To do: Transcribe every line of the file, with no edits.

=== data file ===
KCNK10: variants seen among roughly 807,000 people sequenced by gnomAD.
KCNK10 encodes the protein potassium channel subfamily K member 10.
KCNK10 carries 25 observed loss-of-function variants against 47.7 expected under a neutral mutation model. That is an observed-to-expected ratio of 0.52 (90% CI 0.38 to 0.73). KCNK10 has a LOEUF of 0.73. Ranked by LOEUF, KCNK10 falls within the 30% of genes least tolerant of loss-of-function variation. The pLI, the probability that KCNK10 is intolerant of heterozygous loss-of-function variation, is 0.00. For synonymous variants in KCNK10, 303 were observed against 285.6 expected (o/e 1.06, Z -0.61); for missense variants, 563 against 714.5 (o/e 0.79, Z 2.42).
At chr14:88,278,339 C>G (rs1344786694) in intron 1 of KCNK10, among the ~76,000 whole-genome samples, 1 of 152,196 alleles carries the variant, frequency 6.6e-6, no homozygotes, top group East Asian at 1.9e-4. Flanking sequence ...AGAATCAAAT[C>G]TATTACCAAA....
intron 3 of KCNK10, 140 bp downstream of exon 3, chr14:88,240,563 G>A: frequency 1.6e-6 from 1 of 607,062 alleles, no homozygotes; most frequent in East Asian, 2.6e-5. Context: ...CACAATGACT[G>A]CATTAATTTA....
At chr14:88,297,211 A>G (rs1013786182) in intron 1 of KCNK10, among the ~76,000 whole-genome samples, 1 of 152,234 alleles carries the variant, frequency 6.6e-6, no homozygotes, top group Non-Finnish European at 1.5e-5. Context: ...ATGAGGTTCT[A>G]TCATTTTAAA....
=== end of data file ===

KCNK10: variants seen among roughly 807,000 people sequenced by gnomAD.
KCNK10 encodes the protein potassium channel subfamily K member 10.
KCNK10 carries 25 observed loss-of-function variants against 47.7 expected under a neutral mutation model. That is an observed-to-expected ratio of 0.52 (90% CI 0.38 to 0.73). KCNK10 has a LOEUF of 0.73. Ranked by LOEUF, KCNK10 falls within the 30% of genes least tolerant of loss-of-function variation. The pLI, the probability that KCNK10 is intolerant of heterozygous loss-of-function variation, is 0.00. For synonymous variants in KCNK10, 303 were observed against 285.6 expected (o/e 1.06, Z -0.61); for missense variants, 563 against 714.5 (o/e 0.79, Z 2.42).
At chr14:88,278,339 C>G (rs1344786694) in intron 1 of KCNK10, among the ~76,000 whole-genome samples, 1 of 152,196 alleles carries the variant, frequency 6.6e-6, no homozygotes, top group East Asian at 1.9e-4. Flanking sequence ...AGAATCAAAT[C>G]TATTACCAAA....
intron 3 of KCNK10, 140 bp downstream of exon 3, chr14:88,240,563 G>A: frequency 1.6e-6 from 1 of 607,062 alleles, no homozygotes; most frequent in East Asian, 2.6e-5. Context: ...CACAATGACT[G>A]CATTAATTTA....
At chr14:88,297,211 A>G (rs1013786182) in intron 1 of KCNK10, among the ~76,000 whole-genome samples, 1 of 152,234 alleles carries the variant, frequency 6.6e-6, no homozygotes, top group Non-Finnish European at 1.5e-5. Context: ...ATGAGGTTCT[A>G]TCATTTTAAA....